Such financial insights are part of what digital payment and platform services provide. PayPal, for example, gathers data on consumers as part of their “shopping journey.” In one case study for travel, PayPal explained that its campaign for Expedia involved pulling “together data-driven destination insights, creative messaging and strategic placements throughout the travel shoppers’ journey.” This included a “social media integration that drove users to a campaign landing page” powered by “data to win.” This data included what is the growing use of what’s euphemistically called “first-party data” from consumers, where there has been alleged permission to use it to target an individual. Few consumers will ever review—or have the ability to influence—the PayPal engine that is designed for merchants to “shape [their] customer journey from acquisition to retention.” This includes applications that add “flexible payment options…right on product pages or through emails;” “relevant Pay Later offer to customers with dynamic messaging;’ ability to “increase average order value” through “proprietary payment methods;” or “propose rewards as a payment option to help inspire loyalty.”
The impact of data-driven fostered social commerce on promoting the use of consumer payments should be assessed. For example, Shopify’s “in-app shopping experience on TikTok” claims that the placement of its “shopping tabs” by vendors on posts, profiles and product catalogs unleashes “organic discovery.” This creates “a mini-storefront that links directly to their online store for check out.’’ A TikTok executive explains how the use of today’s digital payment services are distinct—“rooted in discovery, connection, and entertainment, creating unparalleled opportunities for brands to capture consumers’ attention…that drives [them] directly to the digital point of purchase.” TikTok also has partnered with Stripe, helping it “become much more integrated with the world of payments and fintech.”
TikTok’s Stripe integrations enable “sellers to send fans directly from TikTok videos, ads, and shopping tabs on their profiles to products available in their existing Square Online store, providing a streamlined shopping experience that retains the look and feel of their personal brand.” The Square/TikTok payment alliance illustrates the role that data driven commercial surveillance marketing plays in payment operations, such as the use of the “TikTok pixel” and “advanced matching.” In China, ByteDance’s payment services reflects its growing ability to leverage its mass customer data capture for social media driven marketing and financial services.
We urge the Bureau to examine TikTok’s data and marketing practices as it transfers U.S. user information to servers in the U.S., the so-called “Project Texas,” to identify how “sensitive” data may be part of its financial services offerings.
Apple’s payment services deserve further scrutiny as its reintroduces its role as a digital advertising network, leveraging its dominant position in the mobile and app markets. PayPal recently announced that it will be “working with Apple to enhance offerings for PayPal and Venmo merchants and consumers.” Apple is also making its payment service available through additional vendors, including the giant Kroger grocery store chain stores in California.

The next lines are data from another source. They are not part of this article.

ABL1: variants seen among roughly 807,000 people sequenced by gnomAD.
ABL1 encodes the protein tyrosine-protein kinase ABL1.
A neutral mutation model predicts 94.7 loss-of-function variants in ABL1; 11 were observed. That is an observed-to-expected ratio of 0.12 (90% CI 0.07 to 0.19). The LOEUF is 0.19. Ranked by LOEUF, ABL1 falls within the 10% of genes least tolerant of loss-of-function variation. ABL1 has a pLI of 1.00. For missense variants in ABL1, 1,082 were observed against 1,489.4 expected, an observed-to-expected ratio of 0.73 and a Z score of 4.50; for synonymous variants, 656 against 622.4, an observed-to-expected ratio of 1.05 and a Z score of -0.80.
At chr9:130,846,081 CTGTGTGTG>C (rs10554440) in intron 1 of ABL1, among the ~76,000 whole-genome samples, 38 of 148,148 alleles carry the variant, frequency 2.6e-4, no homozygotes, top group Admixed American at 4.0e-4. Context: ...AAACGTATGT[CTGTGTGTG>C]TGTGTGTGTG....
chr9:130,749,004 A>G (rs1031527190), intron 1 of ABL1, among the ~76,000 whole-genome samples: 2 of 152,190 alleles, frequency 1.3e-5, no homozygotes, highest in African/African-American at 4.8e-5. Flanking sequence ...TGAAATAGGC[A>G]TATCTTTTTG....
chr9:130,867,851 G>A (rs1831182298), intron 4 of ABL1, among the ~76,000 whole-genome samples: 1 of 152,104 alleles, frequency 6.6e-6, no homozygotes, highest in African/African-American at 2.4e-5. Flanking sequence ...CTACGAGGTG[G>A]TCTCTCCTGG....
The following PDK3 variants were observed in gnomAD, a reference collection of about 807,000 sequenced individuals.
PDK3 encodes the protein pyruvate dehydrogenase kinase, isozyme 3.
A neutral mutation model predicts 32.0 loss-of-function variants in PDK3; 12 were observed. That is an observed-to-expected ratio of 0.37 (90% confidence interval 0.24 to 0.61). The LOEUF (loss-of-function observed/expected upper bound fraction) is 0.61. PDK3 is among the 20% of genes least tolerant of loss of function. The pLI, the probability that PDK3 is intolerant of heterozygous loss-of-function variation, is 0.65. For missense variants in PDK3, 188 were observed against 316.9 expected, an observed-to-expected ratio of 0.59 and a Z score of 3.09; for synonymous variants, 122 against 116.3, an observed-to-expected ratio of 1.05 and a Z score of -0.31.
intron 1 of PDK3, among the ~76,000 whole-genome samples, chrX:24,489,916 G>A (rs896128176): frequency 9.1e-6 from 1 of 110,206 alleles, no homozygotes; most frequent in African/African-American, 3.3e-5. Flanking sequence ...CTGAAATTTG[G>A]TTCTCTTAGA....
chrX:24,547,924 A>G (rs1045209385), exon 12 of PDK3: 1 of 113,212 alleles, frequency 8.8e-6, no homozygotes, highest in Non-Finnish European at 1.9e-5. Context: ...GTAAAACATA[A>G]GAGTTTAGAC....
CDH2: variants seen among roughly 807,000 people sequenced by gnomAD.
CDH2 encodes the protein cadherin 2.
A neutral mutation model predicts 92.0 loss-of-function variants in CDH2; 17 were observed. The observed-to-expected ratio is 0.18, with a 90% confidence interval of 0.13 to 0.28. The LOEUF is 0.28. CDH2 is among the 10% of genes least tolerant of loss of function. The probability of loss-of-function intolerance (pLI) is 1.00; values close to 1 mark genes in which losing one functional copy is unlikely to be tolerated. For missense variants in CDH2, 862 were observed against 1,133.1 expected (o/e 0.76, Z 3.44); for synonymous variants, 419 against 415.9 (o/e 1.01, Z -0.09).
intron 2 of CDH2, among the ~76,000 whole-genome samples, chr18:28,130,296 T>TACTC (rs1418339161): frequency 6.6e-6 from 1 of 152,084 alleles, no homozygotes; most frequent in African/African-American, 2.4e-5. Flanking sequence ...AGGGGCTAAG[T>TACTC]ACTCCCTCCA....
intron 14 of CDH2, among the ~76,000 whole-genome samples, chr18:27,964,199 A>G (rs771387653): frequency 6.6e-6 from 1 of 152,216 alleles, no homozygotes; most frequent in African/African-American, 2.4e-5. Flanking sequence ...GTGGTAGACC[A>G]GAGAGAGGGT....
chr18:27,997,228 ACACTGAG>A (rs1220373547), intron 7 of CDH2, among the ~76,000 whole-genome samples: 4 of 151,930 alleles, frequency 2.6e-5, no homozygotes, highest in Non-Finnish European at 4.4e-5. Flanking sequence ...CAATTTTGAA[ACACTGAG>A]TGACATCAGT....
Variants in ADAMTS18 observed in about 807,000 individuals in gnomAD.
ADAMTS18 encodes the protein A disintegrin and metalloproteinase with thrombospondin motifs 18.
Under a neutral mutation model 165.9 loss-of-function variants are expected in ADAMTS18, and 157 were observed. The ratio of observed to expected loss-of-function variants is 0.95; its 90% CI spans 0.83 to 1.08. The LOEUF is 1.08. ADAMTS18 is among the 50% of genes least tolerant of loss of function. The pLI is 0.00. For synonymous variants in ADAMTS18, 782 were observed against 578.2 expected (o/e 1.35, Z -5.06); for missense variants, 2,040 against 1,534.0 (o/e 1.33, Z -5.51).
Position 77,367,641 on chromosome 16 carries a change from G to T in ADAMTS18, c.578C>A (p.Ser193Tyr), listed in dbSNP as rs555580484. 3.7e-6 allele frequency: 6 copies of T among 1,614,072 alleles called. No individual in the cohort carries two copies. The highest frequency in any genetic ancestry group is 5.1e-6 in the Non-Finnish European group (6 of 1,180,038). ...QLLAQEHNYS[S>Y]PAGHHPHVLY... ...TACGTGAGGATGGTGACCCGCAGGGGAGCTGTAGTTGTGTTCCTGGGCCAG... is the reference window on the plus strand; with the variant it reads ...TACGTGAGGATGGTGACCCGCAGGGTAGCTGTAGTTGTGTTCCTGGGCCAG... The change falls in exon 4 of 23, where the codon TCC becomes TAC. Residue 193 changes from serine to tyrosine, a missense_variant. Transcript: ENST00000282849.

Amazon announced in October 2022 that Venmo was now an official payment service, where users could, during checkout, “select “Select a payment method” and then “Add a Venmo account.” This will redirect them to the Venmo app, where they can complete the authentication. Users can also choose Venmo to be their default payment method for Amazon purchases on that screen.” Amazon’s AWS partners with fintech provider Plaid, another example of far-reaching partnerships restructuring the consumer financial services market.
USPIRG and CDD hope that both our original comments and these additional comments help the Bureau to understand the impact of rapid changes in Big Tech’s payments network relationships and partnerships. We believe urgent CFPB action is needed to protect consumers from the threat of Big Tech’s continued efforts to breach the important wall separating banking and commerce and to ensure that all players in the financial marketplace follow all the rules. Please contact us with additional questions.
Jeff Chester, Executive Director, Center for Digital Democracy
Edmund Mierzwinski, Senior Director, Federal Consumer Program, U.S. PIRG [
 We also believe that the Bureau’s request for comments concerning potential abuse of terms of service and use of penalties merits discussion. We look forward to additional comments from others.
 https://www.tiktok.com/business/en-US/blog/mediascience-study-brands-memorable-tiktok; see Google, Meta, TikTok as well: https://www.neuronsinc.com/cases
 https://pay.google.com/about/business/checkout/; https://developers.google.com/pay/spot; https://pay.google.com/about/business/passes-and-rewards/
 See, for example, the numerous bank partners of Google in the US alone: https://support.google.com/wallet/answer/12168634?hl=en. Also: https://payments.google.com/payments/apis-secure/u/0/get_legal_document?ldo=0&ldt=buyertos&ldr=us; https://developers.google.com/wallet/retail; https://developers.google.com/wallet/retail/offers/resources/terms-of-service; https://www.paypal.com/us/webapps/mpp/google-pay-paypal; https://www.salesforce.com/products/commerce-cloud/overview/?cc=dwdcmain
 https://www.paypal.com/us/brc/article/enterprise-solutions-expedia-case-study; https://www.paypal.com/us/brc/article/enterprise-solutions-acquire-and-retain-customers
 https://squareup.com/help/us/en/article/7653-connect-square-online-with-tiktok; https://ads.tiktok.com/help/article/data-sharing-tiktok-pixel-partners
 https://www.yahoo.com/video/douyin-chinas-version-tiktok-charge-093000931.html; https://www.cnbc.com/2021/01/19/tiktok-owner-bytedance-launches-mobile-payments-in-china-.html